On top of that, I observed that the program compiled with -stdpar has a process running on the GPU. This is found out by activating the outer loop to increase the runtime and checking nvidia-smi while it runs. There is GPU memory allocated (around 400MB), but the GPU utilization is kept at 0%. This is contrary to the assumption that the loop is offloaded implicitly without any directives.

Hi Christian,

What’s happening is that CUDA Unified Memory is being used for your allocate, thus causing a bit of extra overhead and a CUDA context being created on the device. However, the do loop itself is not being offloaded.

You can confirm this my using Nisght-systems:

% nvfortran test.F90 -fast -stdpar ; nsys profile a.out
 delta_t:    7.8229904174804688E-002
 y(1):     2.250000000000000
Generating '/tmp/nsys-report-b2e8.qdstrm'
[1/1] [========================100%] report1.nsys-rep
% nsys stats report1.nsys-rep
Generating SQLite file report1.sqlite from report1.nsys-rep
Exporting 28339 events: [==================================================100%]
Processing [report1.sqlite] with [/proj/nv/Linux_x86_64/228535-dev/profilers/Nsight_Systems/host-linux-x64/reports/]...
SKIPPED: report1.sqlite does not contain NV Tools Extension (NVTX) data.

Processing [report1.sqlite] with [/proj/nv/Linux_x86_64/228535-dev/profilers/Nsight_Systems/host-linux-x64/reports/]...

... cut due to length ...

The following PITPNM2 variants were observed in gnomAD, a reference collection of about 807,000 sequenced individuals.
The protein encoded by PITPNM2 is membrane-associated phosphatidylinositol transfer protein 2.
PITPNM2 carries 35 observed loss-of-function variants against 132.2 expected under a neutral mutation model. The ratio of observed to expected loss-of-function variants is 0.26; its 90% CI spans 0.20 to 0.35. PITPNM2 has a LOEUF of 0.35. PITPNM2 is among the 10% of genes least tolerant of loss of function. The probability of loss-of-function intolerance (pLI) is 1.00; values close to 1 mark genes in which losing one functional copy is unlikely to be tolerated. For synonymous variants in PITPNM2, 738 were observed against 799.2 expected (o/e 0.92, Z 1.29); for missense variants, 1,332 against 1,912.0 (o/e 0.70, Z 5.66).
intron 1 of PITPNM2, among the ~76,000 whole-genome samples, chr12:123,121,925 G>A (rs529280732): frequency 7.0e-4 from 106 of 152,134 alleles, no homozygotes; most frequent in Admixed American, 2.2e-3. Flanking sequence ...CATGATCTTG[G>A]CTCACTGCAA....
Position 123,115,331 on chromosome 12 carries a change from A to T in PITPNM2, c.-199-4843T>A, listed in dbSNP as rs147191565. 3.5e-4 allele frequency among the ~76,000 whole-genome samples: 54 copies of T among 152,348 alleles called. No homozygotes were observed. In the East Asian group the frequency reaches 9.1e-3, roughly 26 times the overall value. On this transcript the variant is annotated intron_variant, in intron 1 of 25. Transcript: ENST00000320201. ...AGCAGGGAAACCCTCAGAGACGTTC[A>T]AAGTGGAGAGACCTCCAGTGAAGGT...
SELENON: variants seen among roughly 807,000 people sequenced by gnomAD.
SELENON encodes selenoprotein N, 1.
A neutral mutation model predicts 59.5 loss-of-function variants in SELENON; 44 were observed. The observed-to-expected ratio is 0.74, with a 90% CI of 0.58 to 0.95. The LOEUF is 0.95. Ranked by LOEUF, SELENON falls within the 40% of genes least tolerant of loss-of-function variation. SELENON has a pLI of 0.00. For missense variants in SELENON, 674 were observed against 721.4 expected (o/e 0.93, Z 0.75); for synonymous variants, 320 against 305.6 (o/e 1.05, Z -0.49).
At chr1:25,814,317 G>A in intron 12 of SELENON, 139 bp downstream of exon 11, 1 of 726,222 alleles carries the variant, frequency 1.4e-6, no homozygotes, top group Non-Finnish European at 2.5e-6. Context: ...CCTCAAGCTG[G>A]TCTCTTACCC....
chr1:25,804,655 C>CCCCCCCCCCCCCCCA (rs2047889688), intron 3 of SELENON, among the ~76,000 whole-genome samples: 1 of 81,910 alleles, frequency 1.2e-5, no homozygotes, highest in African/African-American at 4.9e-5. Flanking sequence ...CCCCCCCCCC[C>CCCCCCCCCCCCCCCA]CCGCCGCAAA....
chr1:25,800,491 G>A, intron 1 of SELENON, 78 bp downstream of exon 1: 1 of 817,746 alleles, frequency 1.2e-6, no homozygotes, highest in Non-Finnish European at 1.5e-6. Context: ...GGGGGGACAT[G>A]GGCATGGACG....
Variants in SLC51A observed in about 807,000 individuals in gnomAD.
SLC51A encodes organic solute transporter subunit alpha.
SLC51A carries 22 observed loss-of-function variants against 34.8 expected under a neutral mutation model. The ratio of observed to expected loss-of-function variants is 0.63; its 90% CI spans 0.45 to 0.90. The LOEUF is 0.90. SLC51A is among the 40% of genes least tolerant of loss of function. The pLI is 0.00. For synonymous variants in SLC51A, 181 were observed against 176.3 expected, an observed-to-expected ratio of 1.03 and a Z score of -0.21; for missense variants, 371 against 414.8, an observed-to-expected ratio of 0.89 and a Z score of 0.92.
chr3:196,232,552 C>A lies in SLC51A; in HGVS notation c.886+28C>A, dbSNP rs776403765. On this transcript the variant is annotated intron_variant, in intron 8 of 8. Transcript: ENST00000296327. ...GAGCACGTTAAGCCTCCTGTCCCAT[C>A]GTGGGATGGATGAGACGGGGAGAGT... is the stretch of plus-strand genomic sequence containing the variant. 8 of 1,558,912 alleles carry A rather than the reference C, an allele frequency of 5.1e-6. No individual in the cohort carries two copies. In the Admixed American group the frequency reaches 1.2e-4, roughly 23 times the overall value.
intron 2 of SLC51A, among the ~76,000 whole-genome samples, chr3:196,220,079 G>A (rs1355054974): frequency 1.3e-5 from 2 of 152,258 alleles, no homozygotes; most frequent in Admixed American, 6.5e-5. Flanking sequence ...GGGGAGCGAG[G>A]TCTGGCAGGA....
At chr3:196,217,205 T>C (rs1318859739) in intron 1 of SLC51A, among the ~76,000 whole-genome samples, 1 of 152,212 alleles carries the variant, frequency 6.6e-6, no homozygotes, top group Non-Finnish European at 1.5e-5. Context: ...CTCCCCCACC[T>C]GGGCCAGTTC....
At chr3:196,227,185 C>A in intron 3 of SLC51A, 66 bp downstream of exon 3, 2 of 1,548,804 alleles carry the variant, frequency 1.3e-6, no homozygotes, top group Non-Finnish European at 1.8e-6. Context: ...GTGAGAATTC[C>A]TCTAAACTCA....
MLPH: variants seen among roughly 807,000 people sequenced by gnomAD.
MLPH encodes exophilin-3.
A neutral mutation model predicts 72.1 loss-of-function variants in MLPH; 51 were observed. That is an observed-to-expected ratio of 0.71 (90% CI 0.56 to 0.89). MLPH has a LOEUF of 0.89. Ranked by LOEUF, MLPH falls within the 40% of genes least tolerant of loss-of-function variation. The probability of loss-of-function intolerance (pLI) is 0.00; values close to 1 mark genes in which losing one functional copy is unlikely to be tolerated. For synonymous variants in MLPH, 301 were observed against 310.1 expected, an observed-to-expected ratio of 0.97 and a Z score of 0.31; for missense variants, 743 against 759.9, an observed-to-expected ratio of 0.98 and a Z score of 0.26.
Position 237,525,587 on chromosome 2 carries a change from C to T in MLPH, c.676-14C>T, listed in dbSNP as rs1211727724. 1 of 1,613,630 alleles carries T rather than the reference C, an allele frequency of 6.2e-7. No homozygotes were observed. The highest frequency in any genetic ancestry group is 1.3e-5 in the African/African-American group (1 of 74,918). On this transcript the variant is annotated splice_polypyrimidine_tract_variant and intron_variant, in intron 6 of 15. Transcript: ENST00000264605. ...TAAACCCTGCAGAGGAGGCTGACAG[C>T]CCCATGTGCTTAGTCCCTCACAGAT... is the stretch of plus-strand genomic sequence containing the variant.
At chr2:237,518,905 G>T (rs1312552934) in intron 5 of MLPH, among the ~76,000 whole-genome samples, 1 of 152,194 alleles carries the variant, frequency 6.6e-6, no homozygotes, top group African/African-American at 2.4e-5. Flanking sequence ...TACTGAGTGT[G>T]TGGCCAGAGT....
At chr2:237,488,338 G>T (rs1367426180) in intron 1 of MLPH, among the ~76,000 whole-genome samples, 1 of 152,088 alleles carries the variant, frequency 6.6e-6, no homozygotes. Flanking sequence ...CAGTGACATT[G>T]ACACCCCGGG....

** CUDA API Summary (cuda_api_sum):

 Time (%)  Total Time (ns)  Num Calls    Avg (ns)      Med (ns)    Min (ns)    Max (ns)   StdDev (ns)            Name
 --------  ---------------  ---------  ------------  ------------  ---------  ----------  ------------  ----------------------
     75.2       20,700,855          2  10,350,427.5  10,350,427.5    188,948  20,511,907  14,370,502.1  cuMemAllocManaged
     15.4        4,245,978          1   4,245,978.0   4,245,978.0  4,245,978   4,245,978           0.0  cuMemAllocHost_v2
      8.6        2,364,451          1   2,364,451.0   2,364,451.0  2,364,451   2,364,451           0.0  cuMemAlloc_v2
      0.5          142,784        383         372.8         331.0        170       7,264         378.8  cuGetProcAddress_v2
      0.3           77,437          1      77,437.0      77,437.0     77,437      77,437           0.0  cuLibraryLoadData
      0.0            2,787          4         696.8         556.5        311       1,363         459.4  cuCtxSetCurrent
      0.0            1,112          1       1,112.0       1,112.0      1,112       1,112           0.0  cuInit
      0.0              311          1         311.0         311.0        311         311           0.0  cuModuleGetLoadingMode

... cut due to length ..

No kernel launches are shown in the profile.


Hi Mat,

thanks for your answer. It’s good to know that there are indeed no kernel launches. However, I still wonder which optimizations lead to the program compiled with -stdpar running faster, since -Minfo=all shows exactly the same in both versions. I have also set OMP_NUM_THREADS=1 to be sure that no OpenMP parallelization is done.

Best regards,